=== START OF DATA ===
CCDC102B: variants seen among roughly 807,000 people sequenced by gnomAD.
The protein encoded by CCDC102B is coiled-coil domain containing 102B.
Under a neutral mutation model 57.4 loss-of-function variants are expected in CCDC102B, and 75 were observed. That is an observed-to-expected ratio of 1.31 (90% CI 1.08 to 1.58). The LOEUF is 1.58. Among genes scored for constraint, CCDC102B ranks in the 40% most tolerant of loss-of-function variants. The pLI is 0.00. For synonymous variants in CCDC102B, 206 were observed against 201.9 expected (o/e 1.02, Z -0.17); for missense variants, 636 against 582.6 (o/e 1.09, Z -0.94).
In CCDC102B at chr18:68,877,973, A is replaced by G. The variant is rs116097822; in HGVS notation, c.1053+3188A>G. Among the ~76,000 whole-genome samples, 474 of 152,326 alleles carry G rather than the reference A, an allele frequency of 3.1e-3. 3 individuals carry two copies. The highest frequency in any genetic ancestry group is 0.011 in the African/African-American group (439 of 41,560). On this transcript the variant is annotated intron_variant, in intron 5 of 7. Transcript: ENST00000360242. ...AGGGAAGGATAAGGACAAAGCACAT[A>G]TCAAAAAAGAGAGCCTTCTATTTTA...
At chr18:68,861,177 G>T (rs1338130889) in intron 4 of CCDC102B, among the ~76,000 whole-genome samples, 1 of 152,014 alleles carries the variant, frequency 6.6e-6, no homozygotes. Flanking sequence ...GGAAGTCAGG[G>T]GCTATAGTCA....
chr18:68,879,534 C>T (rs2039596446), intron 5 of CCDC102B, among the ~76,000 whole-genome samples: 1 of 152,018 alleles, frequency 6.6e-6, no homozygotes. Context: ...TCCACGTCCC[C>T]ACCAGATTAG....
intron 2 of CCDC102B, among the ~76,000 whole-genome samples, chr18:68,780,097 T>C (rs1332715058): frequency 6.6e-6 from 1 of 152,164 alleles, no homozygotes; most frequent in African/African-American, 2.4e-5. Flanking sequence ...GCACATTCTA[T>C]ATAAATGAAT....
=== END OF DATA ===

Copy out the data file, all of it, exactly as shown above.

CCDC102B: variants seen among roughly 807,000 people sequenced by gnomAD.
The protein encoded by CCDC102B is coiled-coil domain containing 102B.
Under a neutral mutation model 57.4 loss-of-function variants are expected in CCDC102B, and 75 were observed. That is an observed-to-expected ratio of 1.31 (90% CI 1.08 to 1.58). The LOEUF is 1.58. Among genes scored for constraint, CCDC102B ranks in the 40% most tolerant of loss-of-function variants. The pLI is 0.00. For synonymous variants in CCDC102B, 206 were observed against 201.9 expected (o/e 1.02, Z -0.17); for missense variants, 636 against 582.6 (o/e 1.09, Z -0.94).
In CCDC102B at chr18:68,877,973, A is replaced by G. The variant is rs116097822; in HGVS notation, c.1053+3188A>G. Among the ~76,000 whole-genome samples, 474 of 152,326 alleles carry G rather than the reference A, an allele frequency of 3.1e-3. 3 individuals carry two copies. The highest frequency in any genetic ancestry group is 0.011 in the African/African-American group (439 of 41,560). On this transcript the variant is annotated intron_variant, in intron 5 of 7. Transcript: ENST00000360242. ...AGGGAAGGATAAGGACAAAGCACAT[A>G]TCAAAAAAGAGAGCCTTCTATTTTA...
At chr18:68,861,177 G>T (rs1338130889) in intron 4 of CCDC102B, among the ~76,000 whole-genome samples, 1 of 152,014 alleles carries the variant, frequency 6.6e-6, no homozygotes. Flanking sequence ...GGAAGTCAGG[G>T]GCTATAGTCA....
chr18:68,879,534 C>T (rs2039596446), intron 5 of CCDC102B, among the ~76,000 whole-genome samples: 1 of 152,018 alleles, frequency 6.6e-6, no homozygotes. Context: ...TCCACGTCCC[C>T]ACCAGATTAG....
intron 2 of CCDC102B, among the ~76,000 whole-genome samples, chr18:68,780,097 T>C (rs1332715058): frequency 6.6e-6 from 1 of 152,164 alleles, no homozygotes; most frequent in African/African-American, 2.4e-5. Flanking sequence ...GCACATTCTA[T>C]ATAAATGAAT....